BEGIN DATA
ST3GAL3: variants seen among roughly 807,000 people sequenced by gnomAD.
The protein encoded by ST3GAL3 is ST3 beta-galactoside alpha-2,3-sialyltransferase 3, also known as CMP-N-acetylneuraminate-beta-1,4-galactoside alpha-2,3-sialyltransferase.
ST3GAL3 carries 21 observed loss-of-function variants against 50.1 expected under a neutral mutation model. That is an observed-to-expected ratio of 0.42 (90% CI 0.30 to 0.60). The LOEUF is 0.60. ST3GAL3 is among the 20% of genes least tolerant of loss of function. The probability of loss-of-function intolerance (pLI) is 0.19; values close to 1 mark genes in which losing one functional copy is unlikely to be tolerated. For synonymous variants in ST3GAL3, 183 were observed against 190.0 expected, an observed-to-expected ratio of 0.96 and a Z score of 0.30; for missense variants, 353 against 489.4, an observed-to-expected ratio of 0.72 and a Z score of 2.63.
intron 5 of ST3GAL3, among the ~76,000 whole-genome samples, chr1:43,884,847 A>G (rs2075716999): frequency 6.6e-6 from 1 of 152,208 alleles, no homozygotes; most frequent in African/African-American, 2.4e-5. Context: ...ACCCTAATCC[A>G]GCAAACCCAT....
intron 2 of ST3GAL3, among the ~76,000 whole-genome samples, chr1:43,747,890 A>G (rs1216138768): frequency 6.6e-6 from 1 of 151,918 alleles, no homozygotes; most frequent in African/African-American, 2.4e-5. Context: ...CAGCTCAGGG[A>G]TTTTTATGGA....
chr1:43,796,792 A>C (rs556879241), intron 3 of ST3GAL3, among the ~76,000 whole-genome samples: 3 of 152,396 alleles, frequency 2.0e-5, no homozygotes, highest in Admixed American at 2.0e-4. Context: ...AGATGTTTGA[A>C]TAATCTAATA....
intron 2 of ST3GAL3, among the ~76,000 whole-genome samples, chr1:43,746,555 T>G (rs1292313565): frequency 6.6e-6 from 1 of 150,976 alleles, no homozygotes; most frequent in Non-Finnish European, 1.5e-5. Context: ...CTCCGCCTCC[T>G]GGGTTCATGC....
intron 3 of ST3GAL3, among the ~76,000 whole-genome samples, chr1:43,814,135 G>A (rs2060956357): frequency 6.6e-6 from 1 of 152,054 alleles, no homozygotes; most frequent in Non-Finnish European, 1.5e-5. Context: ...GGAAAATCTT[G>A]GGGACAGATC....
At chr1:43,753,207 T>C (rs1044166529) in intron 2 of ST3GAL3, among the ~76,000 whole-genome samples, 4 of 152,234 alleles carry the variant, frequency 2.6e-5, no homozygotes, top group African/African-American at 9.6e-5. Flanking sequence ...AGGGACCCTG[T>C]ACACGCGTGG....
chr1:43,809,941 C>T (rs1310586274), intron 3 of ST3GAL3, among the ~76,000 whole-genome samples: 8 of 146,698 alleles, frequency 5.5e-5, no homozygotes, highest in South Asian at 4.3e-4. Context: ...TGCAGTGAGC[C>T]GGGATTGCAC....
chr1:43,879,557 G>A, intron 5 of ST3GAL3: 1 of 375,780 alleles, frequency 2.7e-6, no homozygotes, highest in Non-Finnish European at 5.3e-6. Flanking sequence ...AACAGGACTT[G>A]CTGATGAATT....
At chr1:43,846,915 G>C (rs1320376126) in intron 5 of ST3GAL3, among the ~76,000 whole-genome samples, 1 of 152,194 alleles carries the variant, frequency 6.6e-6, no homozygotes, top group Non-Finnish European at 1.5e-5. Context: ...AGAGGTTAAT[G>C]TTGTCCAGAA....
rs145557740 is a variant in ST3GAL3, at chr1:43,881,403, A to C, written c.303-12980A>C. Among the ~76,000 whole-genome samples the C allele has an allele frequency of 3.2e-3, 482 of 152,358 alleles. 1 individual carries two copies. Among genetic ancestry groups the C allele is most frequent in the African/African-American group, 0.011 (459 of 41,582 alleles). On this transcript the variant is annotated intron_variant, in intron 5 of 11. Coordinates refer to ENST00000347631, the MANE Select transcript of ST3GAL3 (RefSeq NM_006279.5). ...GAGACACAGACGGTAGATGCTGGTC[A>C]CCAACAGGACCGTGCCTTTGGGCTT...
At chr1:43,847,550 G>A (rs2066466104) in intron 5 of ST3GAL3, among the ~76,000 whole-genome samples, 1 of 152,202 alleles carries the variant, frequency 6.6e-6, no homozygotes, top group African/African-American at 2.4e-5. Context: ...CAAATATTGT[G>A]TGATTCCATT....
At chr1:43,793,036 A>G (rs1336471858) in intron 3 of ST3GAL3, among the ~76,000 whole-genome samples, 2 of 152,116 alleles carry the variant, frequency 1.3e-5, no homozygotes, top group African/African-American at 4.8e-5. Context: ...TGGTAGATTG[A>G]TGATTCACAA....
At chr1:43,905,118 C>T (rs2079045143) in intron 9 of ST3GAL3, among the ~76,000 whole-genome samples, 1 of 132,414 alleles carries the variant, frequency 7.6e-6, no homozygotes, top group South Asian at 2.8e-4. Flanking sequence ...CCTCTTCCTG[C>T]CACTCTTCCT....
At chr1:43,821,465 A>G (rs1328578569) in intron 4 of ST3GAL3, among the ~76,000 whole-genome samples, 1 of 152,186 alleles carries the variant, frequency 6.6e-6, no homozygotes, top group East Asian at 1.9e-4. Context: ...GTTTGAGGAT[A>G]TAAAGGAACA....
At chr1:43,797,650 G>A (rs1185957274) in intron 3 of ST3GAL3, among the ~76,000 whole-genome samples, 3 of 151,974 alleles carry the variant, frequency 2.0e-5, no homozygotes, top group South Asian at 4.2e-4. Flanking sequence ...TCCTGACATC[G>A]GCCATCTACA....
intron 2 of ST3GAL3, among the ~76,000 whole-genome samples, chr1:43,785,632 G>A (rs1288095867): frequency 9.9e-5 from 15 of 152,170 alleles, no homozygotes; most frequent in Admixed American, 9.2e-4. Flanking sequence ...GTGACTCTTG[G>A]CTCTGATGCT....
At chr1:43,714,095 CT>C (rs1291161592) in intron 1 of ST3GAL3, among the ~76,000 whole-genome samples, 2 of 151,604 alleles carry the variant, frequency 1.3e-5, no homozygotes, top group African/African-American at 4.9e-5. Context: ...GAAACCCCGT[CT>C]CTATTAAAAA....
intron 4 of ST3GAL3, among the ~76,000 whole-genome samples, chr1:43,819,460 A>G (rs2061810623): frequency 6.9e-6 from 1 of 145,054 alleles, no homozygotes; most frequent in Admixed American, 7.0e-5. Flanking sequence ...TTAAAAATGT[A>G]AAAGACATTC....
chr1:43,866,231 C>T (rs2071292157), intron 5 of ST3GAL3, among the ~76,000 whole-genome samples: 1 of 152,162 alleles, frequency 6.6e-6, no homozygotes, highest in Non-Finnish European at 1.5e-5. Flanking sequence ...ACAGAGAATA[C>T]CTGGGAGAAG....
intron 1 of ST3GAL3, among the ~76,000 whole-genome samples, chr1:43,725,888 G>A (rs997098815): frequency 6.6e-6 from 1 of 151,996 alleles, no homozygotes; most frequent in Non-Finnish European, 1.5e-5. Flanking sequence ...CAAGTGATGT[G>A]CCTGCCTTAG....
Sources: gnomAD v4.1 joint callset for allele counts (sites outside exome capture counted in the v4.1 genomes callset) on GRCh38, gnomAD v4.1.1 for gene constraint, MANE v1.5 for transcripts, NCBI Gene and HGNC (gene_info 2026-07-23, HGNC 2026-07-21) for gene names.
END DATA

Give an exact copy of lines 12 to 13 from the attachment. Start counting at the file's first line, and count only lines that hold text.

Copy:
At chr1:43,846,915 G>C (rs1320376126) in intron 5 of ST3GAL3, among the ~76,000 whole-genome samples, 1 of 152,194 alleles carries the variant, frequency 6.6e-6, no homozygotes, top group Non-Finnish European at 1.5e-5. Context: ...AGAGGTTAAT[G>C]TTGTCCAGAA....
rs145557740 is a variant in ST3GAL3, at chr1:43,881,403, A to C, written c.303-12980A>C. Among the ~76,000 whole-genome samples the C allele has an allele frequency of 3.2e-3, 482 of 152,358 alleles. 1 individual carries two copies. Among genetic ancestry groups the C allele is most frequent in the African/African-American group, 0.011 (459 of 41,582 alleles). On this transcript the variant is annotated intron_variant, in intron 5 of 11. Coordinates refer to ENST00000347631, the MANE Select transcript of ST3GAL3 (RefSeq NM_006279.5). ...GAGACACAGACGGTAGATGCTGGTC[A>C]CCAACAGGACCGTGCCTTTGGGCTT...